Dealing with grief is different for everyone. There is no “path” that everyone takes. A kind friend got me a book called “It’s OK That You’re Not OK: Meeting Grief and Loss in a Culture That Doesn’t Understand” I haven’t started it yet, for a multitude of reasons, but that title totally struck a chord with me. I started following the author Megan Devine on Instagram and just her posts there have been so helpful. So many times she has shared something that matched up perfectly with how I was feeling that day.
Recently Megan posted something on Instagram that I felt she had posted just for me.
“Wanting to share your story with everyone or with no one are both #PerfectlyNormal in grief. You may find that you share the story of your loss again and again, even (or especially) with random strangers, or people you’ve just met. That’s very #PerfectlyNormalGrief
This repetition is one way the creative mind tries to reorder the world when it’s been dissolved. We tell the story again and again because the story NEEDS to be told—we’re looking for some way this makes sense, even if it never can.
On the flip side, if you choose not to reveal your broken heart, or even the cold hard facts to other people, you are not betraying the one you’ve lost. Though it feels bizarre to talk around the gaping hole in your life, to answer “I’m fine, thanks” to a routine question when you are not in any way fine, that is a kindness to yourself.
Not everyone deserves to hear your grief. Not everyone is capable of hearing it. Part of living with grief is learning to discern who is safe and who is not, who is worthy, and who is not.”
Of course, I have told people that my father has died. I’ve told people that he died from stage 4 lung cancer. I’ve told people how horrible the last 24 hours were. I’ve told people that I wouldn’t wish what happened on my worst enemy. But I haven’t told ANYONE what actually happened. I just can’t do it.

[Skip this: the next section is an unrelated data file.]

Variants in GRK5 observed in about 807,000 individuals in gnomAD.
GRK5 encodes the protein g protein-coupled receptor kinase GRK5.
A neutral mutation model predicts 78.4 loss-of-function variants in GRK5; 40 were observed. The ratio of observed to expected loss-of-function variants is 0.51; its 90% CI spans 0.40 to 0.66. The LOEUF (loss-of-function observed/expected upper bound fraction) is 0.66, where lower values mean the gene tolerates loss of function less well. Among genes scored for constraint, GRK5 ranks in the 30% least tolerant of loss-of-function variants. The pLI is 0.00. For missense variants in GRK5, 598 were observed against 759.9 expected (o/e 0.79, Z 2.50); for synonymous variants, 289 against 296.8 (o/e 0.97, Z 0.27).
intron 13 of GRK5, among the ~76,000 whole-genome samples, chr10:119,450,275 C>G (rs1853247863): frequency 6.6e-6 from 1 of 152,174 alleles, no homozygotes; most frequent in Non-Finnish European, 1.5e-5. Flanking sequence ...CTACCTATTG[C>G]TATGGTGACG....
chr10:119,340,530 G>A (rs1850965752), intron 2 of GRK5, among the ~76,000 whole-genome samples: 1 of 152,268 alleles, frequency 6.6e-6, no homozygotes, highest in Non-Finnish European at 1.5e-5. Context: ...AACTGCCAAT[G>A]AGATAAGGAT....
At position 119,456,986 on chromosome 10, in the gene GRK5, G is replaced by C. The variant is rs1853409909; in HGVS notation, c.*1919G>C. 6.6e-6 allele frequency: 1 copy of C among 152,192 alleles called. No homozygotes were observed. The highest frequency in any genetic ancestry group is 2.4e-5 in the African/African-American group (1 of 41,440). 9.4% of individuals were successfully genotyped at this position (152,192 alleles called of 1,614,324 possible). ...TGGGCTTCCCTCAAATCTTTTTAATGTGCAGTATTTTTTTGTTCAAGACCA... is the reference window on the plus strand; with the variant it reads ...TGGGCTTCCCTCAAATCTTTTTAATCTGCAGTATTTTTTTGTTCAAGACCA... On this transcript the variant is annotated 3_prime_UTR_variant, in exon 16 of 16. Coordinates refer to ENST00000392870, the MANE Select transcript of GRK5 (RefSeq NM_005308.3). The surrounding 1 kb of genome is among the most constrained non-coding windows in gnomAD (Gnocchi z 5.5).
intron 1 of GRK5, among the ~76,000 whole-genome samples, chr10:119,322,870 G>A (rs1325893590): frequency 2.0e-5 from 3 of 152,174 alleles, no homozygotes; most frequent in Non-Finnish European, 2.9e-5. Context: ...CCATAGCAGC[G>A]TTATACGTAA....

It’s not that there isn’t anyone I trust enough to tell, because I am lucky enough to have a group of folks that I could absolutely tell. It is that I don’t want anyone else to have to “deal” with what happened. I don’t want anyone else, who wasn’t there, to have to shoulder that. Shit, I don’t even want to and I was there. A few people have told me that it would probably help if I at least told one person what happened, but I just can’t get the words out. I can barely think about what happened without losing it, so how am I supposed to tell someone about it? Megan’s post helped me see that it is okay – either way.
I’ve thought about writing it all down. Not to share with anyone, but just to try and get it all out. In the past, I’ve done that at certain times. Or write a letter that I never intended to send. But the idea of putting everything down that happened is downright terrifying. Even now, writing this, I have to take breaks because I can’t see the screen through the tears.
I have an appointment with a grief counselor today. I don’t really want to go because I’m afraid. I’m afraid of what they might say, what I might say, and mostly I’m scared of the feelings it is bound to bring about. I feel angry, sad, upset, mad, guilty, alone, frustrated, relieved, confused, heartbroken, and a slew of other emotions daily. Why would I want to drag that all up and talk about it? I just don’t know.
But I’m going to go. I don’t want to, but I will. I’m going to go because if there is even the slightest chance it will help it is worth it. I’m going to go because I know that my dad wouldn’t want me feeling this way. I’m going to go because I deserve to feel better. I’m going to go.